INTERVIEW: Laura Veirs | NARC. | Reliably Informed | Music and Creative Arts News for Newcastle and the North East

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Image by Jason Quigley

As an indie folk artist and veteran songwriter, Laura Veirs explores a different realm of musical expression in her latest album, The Lookout. As with previous releases, Veirs, who started her career in a punk band, demonstrates nuanced poetry and unexpected imagery while capturing her contemplations on themes of fragility and protection with quiet intensity.  

“For ten records, it can be tricky to grow, change and surprise myself,” the Colorado-born singer admits. Both she and long-time producer Tucker Martine fear feeling unmoved by new songs. “If we’re excited about the music, we realise that probably someone else will be too and we should share it.” If Veirs’ aim is to move people, she has succeeded almost unwittingly, as the delicate combination of melancholic tones and brighter Americana strings can hide her rigorous songwriting regime.

Her work ethic has been largely inspired by her collaboration with k.d. lang and Neko Case on their 2016 release case/lang/veirs. Lang and Case took Veirs’ old demos and transformed them by keeping the melodies they liked and replacing the words or keeping the words and changing the music – a process which taught Veirs that she does not have to be precious about songwriting. “Songs can be very changeable,” she says, “before I worked with them I’d just write a song and think I’d be done.”

if we do not have hope, and artists do not give us hope, we are really lost

Inspired by the idea of a malleable song, Veirs has written more than 100 songs while working on The Lookout. In comparison with the previous album, however, and backed by her desire to let songs shine on their own, The Lookout has an intricate sparse quality. Its brilliance lies in the technical and lyrical detail that makes each track distinctive. Veirs adds new musical touches in Everybody Needs You and Lightening Rod through vocal delays and electronic beats that break the purity of the songs’ melodies. In When It Grows Darkest, she expresses the necessity of hope during dark times through a chorus of violins that interrupt the lilting 5/4 time beat.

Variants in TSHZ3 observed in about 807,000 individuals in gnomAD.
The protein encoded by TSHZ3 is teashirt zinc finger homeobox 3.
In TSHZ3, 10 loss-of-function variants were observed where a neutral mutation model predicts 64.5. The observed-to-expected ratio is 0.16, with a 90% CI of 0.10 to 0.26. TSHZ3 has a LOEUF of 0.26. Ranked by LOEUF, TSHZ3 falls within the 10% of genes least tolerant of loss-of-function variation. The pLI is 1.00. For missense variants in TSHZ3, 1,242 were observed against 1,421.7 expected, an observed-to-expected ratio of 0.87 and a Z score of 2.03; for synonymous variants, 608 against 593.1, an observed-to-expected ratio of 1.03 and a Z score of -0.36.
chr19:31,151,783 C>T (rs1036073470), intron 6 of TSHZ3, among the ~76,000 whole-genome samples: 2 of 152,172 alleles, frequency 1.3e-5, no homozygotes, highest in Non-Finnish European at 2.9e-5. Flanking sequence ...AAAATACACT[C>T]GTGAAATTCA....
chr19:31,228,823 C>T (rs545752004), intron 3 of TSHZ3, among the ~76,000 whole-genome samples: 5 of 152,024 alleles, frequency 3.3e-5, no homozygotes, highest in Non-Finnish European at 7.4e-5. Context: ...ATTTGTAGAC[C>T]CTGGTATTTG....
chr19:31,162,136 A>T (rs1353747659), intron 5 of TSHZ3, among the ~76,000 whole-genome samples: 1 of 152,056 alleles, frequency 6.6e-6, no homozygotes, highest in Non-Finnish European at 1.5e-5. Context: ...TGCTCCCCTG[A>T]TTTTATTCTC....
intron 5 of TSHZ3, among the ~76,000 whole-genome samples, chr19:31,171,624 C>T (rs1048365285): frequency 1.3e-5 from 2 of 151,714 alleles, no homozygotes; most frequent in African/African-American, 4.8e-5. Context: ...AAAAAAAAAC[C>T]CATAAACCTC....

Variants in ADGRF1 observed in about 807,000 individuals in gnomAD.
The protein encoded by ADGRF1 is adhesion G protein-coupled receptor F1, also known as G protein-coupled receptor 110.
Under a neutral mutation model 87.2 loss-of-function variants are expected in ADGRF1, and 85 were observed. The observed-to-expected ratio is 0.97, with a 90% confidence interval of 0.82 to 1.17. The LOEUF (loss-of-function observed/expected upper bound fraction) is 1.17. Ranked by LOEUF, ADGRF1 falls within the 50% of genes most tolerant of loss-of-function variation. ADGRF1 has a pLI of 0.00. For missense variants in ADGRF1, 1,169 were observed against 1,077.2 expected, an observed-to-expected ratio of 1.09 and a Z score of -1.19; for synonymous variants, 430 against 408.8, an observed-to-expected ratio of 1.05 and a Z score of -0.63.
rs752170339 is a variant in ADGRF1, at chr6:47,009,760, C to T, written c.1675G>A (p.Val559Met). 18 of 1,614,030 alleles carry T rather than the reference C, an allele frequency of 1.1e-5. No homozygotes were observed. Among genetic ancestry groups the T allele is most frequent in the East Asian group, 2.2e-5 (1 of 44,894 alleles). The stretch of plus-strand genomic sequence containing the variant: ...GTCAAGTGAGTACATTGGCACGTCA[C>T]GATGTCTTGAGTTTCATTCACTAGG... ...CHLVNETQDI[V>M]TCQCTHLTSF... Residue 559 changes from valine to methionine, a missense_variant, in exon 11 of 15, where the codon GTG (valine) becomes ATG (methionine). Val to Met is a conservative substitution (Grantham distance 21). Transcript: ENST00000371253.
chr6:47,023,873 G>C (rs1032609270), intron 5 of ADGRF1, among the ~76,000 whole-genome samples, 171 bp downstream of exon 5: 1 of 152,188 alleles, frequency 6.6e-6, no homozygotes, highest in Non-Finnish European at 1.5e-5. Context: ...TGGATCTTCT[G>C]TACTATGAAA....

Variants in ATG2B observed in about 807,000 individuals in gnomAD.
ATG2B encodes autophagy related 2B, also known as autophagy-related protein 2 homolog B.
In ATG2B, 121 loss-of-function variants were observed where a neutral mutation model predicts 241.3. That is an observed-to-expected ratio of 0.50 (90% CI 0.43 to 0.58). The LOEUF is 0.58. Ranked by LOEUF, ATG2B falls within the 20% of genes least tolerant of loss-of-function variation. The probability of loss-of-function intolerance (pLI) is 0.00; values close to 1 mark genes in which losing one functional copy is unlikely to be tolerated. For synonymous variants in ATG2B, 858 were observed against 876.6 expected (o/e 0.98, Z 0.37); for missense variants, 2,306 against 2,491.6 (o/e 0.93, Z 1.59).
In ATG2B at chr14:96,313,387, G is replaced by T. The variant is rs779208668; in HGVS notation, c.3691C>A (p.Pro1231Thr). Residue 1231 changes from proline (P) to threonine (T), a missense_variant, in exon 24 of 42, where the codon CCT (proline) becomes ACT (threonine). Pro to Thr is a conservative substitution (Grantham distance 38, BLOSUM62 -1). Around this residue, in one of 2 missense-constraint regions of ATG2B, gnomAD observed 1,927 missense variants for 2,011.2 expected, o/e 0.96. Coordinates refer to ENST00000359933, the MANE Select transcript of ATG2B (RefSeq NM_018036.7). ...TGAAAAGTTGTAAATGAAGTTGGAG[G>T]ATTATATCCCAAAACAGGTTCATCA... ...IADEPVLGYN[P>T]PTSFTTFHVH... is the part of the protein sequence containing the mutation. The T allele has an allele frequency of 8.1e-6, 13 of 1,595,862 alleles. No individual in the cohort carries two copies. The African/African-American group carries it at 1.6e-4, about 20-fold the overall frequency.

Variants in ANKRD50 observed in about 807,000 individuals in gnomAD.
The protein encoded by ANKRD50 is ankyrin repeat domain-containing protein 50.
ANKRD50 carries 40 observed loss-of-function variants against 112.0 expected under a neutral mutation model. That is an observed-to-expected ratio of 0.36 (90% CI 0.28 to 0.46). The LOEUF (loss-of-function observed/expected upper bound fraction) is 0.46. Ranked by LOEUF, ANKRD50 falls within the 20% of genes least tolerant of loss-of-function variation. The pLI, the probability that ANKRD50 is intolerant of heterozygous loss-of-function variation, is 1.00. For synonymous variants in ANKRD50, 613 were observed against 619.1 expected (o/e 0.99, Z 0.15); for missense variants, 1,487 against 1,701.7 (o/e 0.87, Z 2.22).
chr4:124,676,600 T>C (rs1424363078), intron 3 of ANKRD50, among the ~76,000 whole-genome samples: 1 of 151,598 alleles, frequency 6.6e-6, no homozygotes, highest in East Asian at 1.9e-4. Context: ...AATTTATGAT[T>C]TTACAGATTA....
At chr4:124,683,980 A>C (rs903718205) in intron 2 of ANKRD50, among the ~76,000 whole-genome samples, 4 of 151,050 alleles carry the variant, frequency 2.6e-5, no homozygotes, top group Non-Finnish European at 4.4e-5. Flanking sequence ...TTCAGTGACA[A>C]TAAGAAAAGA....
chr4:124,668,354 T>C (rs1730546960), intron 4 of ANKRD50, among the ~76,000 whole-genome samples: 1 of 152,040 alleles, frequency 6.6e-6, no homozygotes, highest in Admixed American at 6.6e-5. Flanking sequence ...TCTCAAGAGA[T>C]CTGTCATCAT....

Yet, it is not so much the electronic rendering, or effortless collaboration with Sufjan Stevens on Watch Fire, or her ethereal finger-picked guitar that leave an enduring impression. It is her candid reflections about our changing society and our responsibility to protect those most vulnerable around us. If Veirs had to choose two songs that capture her intentions most vividly, it would be the politically-charged Everybody Needs You and Seven Falls. Margaret Sands and Canyon, however, are as powerful in their evocation of mortality. Especially the former, based on the T.S. Elliot poem Death By Water, expresses the importance of being appreciative of life while being conscious of those who have passed away.

The album shows Veirs’ attempt to be honest, truthful and not naïve, and hopeful, because if we do not have hope, and artists do not give us hope, we are really lost. Inspired by the non-linearity of science, nature and its overlooked similarity with art, Veirs’ mastery of expression is achieved through a continually experimental approach to songwriting. By drawing on nature imagery, she is also able to weave musings about political engagement into the body of each song without letting it dominate the music, creating poetical dream catchers with melodious wit, intimate beauty and irresistible simplicity.

Laura Veirs performs at The Cluny, Newcastle on Monday 4th June.

 

 

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